Post # 10
43300 posts
Honey Beekeeper
  • Wedding: November 1999

MOHlookingForIdeas:  As I said

You have a right to a child free wedding. They have a right to decline if they cannot be separated for one evening.

so I agree with you that they may not attend- and that’s ok.

I think the hurt feelings part is not something the hosts have to own. People have social events  all the time and they simply cannot invite everyone they know.We have an extensive group of friends, and having my hurt feelings because I am not invited to a particular dinner party is not the fault of the hostess.

The orgy example was just to show that there are “adult” events to which people are invited and they manage to attend without their children, or simply decline. They don’t ask if they can bring their children.

I disagree with you that it is ok to ask if anyone else can attend. If their name is not on the invitation, they are not invited- period.  There are times in your life when you simply have to turn down invitations due to other factors in your life. Just because you have a one year old, or are from out of town, doesn’t mean you get to bring them to a wedding.

Nursing infants may be an exception, but a one year old can go long enough between feeds that they are not an automatic exception. And yes, for those who may ask, I have breastfed two children.

Post # 11
689 posts
Busy bee

until u have an RSVP card back from them, I wouldn’t worry about it. 

Post # 12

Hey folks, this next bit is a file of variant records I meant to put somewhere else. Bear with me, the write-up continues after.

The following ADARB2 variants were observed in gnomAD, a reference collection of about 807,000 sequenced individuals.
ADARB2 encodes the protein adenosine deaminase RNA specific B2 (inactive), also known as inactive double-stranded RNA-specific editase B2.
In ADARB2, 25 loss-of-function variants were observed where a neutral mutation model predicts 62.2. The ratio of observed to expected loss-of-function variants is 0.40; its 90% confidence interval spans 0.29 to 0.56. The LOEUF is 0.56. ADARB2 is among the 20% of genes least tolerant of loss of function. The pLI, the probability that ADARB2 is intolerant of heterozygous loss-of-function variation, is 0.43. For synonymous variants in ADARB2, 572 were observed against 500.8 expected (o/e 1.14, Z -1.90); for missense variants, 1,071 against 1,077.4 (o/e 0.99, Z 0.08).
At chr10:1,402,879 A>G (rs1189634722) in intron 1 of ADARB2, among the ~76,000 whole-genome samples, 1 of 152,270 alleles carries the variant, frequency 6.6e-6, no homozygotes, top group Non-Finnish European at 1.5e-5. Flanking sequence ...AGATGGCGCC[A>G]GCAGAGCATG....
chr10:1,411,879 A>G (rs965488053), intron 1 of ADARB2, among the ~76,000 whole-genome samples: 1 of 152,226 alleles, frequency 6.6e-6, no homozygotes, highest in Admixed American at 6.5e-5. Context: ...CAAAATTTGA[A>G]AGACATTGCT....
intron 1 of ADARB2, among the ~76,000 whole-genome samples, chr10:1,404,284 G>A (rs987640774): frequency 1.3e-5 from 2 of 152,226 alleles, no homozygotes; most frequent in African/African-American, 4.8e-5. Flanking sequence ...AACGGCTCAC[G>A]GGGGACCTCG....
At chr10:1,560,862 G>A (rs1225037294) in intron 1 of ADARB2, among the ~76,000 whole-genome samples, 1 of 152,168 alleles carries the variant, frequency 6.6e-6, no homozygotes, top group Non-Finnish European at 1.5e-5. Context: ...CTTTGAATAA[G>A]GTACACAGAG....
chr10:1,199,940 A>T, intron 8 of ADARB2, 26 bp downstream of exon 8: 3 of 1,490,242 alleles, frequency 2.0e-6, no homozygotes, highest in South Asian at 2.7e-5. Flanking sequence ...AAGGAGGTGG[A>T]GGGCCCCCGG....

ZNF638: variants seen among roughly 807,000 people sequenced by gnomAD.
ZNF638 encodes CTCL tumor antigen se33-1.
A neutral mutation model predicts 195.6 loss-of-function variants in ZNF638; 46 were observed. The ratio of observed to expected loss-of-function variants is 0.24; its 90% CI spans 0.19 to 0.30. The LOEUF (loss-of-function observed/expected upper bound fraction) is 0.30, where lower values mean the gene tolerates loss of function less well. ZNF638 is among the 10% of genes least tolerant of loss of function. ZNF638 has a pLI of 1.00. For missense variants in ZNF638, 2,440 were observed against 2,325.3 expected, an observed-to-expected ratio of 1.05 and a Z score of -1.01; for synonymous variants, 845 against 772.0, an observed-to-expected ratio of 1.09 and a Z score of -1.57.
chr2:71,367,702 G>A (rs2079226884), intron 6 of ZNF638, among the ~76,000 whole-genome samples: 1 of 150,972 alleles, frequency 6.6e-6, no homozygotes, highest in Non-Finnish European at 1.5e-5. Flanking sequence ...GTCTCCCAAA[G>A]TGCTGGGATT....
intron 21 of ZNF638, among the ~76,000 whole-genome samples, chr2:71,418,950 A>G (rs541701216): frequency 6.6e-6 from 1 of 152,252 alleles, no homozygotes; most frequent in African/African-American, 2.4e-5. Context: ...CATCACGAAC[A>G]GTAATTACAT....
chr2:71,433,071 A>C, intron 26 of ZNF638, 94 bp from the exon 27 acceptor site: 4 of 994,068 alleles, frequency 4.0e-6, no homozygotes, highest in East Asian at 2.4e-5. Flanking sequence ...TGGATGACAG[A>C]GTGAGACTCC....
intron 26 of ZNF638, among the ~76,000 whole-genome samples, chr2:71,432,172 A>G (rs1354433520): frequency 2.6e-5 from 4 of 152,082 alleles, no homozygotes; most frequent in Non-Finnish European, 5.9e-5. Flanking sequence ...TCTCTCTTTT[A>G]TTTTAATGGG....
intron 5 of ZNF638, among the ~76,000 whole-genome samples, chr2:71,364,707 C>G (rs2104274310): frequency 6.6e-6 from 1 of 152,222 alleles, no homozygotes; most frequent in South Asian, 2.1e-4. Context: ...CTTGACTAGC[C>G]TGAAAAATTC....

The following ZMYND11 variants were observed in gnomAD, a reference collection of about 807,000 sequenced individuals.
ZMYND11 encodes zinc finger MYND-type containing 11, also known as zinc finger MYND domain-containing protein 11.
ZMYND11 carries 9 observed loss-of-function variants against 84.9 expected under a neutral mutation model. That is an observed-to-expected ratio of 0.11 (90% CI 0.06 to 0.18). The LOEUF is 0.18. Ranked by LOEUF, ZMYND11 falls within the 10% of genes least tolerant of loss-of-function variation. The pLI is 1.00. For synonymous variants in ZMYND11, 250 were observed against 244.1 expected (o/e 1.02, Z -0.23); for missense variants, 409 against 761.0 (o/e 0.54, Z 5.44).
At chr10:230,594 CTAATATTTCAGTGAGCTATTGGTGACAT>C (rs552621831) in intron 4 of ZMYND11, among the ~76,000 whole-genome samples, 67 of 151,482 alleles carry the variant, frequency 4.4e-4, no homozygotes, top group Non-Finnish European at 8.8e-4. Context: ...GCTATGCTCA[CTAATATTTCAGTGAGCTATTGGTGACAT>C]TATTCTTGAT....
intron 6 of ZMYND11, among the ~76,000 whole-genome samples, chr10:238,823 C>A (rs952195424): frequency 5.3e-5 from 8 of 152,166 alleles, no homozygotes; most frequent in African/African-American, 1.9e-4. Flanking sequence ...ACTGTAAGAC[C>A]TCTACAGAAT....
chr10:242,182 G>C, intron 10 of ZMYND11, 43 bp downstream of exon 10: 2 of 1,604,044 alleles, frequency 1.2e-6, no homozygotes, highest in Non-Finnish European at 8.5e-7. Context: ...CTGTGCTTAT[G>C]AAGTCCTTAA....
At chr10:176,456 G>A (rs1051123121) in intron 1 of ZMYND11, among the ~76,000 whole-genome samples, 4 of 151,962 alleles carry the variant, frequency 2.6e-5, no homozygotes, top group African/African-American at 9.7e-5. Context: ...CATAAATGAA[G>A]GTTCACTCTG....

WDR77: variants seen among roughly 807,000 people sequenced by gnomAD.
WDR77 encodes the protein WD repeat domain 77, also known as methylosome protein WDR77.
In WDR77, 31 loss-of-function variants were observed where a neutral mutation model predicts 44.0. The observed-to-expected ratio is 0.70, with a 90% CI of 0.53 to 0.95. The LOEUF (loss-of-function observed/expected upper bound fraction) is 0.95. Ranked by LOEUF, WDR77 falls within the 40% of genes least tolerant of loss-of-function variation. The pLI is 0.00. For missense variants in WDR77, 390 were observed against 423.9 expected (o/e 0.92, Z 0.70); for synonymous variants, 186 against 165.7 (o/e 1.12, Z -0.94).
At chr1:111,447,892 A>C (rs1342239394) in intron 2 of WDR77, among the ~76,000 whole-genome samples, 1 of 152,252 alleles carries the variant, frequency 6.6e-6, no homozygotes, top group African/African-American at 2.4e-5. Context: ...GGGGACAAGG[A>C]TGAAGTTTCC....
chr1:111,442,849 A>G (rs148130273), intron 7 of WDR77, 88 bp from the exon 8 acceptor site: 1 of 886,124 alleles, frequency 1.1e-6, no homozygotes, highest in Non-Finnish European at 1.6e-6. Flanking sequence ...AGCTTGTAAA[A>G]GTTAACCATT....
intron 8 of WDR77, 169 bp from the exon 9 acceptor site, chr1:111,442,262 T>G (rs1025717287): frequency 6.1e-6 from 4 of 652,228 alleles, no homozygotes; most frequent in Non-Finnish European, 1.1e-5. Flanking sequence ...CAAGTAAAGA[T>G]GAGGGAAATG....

3799 posts
Honey bee

I would never think about taking a 1-year old toddler, on a 2-story boat, especially if my husband and I might be served alcoholic beverages. But then, I’m used to adult-only weddings, and I would never bring someone who isn’t named on the invitation, either. Either one or both of the parents can politely decline, if they can’t accept the invitation, as issued.

Post # 13
6220 posts
Bee Keeper
  • Wedding: October 2014

You can take the lead in arranging child care by either hiring a nanny to look after everyone’s kids in the hotel where everyone is staying, or getting names of some trusted babysitters. You don’t have to do these things, but doing them makes you a very good hostess. You should assume that people won’t leave small kids at home overnight and that they won’t have the right local contacts to get a sitter in your city.

Post # 14
7273 posts
Busy Beekeeper
  • Wedding: November 1999

bride_to_be_060714:  Put your foot down. Cite safety reasons as well as the fact that you have the same rule for everyone (no children). If they can’t get a babysitter then unfortunately they can’t attend.

I’m all for making exceptions for newborns (who usually need to be breast fed, so can’t easily be babysat; and don’t crawl so there’s no danger). But a 1 year old can easily be babysat, and will probably be walking (and certainly at least crawling), so will be mobile and causing trouble.

Post # 15
497 posts
Helper bee
  • Wedding: August 2014

bride_to_be_060714:  We are having a child free wedding too. You are completely within your rights to say, I am so sorry, perhaps we were not clear, but children are not invited!

That being said, wait until you receive the RSVP card. There is a small chance they are trying to work out childcare before confirming they can come, sans child. That way, if they do rsvp with child, you can politely but firmly tell them that it is a child free wedding!